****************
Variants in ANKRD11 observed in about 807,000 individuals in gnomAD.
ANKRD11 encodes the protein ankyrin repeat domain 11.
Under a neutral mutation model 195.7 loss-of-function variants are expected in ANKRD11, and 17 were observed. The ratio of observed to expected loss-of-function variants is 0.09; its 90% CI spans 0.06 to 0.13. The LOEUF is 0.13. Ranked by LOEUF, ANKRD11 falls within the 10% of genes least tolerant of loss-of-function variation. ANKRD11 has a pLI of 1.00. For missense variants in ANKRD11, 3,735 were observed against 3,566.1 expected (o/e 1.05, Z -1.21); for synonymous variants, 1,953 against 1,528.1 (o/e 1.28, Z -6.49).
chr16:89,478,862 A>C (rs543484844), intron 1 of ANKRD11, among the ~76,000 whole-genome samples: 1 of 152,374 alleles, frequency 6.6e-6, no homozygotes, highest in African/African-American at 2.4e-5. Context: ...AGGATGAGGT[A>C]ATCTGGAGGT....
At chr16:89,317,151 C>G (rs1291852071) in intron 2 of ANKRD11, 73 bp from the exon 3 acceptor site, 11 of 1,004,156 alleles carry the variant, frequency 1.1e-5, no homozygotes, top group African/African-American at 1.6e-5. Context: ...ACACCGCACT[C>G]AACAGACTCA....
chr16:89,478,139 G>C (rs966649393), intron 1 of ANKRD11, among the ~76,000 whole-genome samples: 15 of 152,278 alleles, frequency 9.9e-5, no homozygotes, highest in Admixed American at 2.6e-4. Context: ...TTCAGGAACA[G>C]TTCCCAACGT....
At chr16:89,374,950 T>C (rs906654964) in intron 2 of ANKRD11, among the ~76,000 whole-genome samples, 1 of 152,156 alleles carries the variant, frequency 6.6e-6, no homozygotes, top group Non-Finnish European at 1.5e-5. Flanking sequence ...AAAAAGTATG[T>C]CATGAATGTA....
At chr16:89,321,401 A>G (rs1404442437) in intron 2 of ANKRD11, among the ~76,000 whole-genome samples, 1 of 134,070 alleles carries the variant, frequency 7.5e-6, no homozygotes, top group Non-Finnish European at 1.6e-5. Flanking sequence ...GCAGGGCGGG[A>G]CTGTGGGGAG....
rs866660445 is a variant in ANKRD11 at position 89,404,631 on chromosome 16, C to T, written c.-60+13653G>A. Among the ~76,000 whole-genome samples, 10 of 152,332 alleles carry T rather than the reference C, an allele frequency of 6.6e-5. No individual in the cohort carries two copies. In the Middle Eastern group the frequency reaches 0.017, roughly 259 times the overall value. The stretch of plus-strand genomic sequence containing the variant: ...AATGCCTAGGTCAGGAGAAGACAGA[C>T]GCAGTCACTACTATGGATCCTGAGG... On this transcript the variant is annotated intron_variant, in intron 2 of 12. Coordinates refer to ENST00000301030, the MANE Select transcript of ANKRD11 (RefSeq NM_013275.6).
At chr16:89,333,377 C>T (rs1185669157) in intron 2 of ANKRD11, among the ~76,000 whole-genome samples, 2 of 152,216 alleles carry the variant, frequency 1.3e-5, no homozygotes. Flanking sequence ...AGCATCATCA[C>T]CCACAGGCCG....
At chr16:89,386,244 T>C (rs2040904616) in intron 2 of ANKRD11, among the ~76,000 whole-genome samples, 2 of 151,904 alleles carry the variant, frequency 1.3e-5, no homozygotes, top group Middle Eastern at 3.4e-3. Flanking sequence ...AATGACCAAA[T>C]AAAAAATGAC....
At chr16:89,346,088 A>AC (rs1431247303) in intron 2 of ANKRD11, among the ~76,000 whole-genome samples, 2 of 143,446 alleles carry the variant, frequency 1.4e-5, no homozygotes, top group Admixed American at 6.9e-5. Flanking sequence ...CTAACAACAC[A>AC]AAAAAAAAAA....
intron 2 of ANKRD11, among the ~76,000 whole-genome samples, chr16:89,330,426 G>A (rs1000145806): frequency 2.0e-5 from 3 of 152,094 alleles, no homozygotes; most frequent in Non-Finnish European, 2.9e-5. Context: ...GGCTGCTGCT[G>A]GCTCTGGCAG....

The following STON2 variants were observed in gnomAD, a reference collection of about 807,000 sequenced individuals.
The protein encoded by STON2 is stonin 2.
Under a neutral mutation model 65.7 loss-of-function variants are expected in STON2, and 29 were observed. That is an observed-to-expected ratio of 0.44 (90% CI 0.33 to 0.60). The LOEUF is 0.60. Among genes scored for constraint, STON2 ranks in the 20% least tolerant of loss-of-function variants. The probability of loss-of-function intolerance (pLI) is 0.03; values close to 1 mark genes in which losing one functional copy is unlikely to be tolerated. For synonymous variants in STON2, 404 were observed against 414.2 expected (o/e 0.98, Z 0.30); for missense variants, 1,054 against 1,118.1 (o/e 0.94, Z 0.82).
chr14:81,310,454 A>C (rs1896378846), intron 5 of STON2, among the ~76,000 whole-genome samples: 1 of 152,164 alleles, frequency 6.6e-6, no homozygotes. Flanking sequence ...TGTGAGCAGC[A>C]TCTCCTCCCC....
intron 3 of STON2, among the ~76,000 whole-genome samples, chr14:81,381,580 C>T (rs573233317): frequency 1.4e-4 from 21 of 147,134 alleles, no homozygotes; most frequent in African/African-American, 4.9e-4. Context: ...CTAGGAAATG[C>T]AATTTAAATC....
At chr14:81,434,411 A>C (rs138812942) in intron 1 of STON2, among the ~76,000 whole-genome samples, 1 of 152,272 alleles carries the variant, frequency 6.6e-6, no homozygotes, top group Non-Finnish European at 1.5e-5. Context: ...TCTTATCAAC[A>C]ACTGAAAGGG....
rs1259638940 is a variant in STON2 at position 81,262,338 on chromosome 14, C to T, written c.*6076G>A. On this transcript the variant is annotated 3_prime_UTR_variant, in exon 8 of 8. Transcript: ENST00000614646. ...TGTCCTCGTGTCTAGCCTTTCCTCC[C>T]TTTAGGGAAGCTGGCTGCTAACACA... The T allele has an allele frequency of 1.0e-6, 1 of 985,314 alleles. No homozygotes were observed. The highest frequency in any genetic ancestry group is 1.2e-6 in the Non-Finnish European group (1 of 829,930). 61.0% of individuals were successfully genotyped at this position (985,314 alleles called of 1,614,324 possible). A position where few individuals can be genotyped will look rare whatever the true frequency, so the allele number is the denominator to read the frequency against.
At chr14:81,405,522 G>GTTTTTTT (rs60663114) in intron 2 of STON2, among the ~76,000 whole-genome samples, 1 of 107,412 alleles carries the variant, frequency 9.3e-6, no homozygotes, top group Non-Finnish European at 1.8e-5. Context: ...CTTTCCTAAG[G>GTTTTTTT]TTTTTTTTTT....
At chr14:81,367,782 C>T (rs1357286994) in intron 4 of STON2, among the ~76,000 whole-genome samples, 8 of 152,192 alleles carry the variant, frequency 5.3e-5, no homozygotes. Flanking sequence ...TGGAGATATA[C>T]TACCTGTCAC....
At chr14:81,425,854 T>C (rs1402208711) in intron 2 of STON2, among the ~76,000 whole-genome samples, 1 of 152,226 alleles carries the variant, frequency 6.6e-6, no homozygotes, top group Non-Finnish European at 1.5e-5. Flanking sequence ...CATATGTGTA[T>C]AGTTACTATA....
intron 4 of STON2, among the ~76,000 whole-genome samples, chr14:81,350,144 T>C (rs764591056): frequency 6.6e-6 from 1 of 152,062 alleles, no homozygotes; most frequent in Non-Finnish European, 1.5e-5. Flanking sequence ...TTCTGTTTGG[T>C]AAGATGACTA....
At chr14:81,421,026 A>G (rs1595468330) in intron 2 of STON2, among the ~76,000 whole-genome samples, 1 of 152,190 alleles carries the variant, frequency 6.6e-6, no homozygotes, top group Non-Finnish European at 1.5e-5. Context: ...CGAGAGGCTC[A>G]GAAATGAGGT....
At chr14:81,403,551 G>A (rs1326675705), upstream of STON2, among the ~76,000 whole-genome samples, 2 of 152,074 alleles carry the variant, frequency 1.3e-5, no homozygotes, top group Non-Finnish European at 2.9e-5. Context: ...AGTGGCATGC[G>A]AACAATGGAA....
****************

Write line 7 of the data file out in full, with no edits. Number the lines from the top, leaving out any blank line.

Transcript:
At chr16:89,374,950 T>C (rs906654964) in intron 2 of ANKRD11, among the ~76,000 whole-genome samples, 1 of 152,156 alleles carries the variant, frequency 6.6e-6, no homozygotes, top group Non-Finnish European at 1.5e-5. Flanking sequence ...AAAAAGTATG[T>C]CATGAATGTA....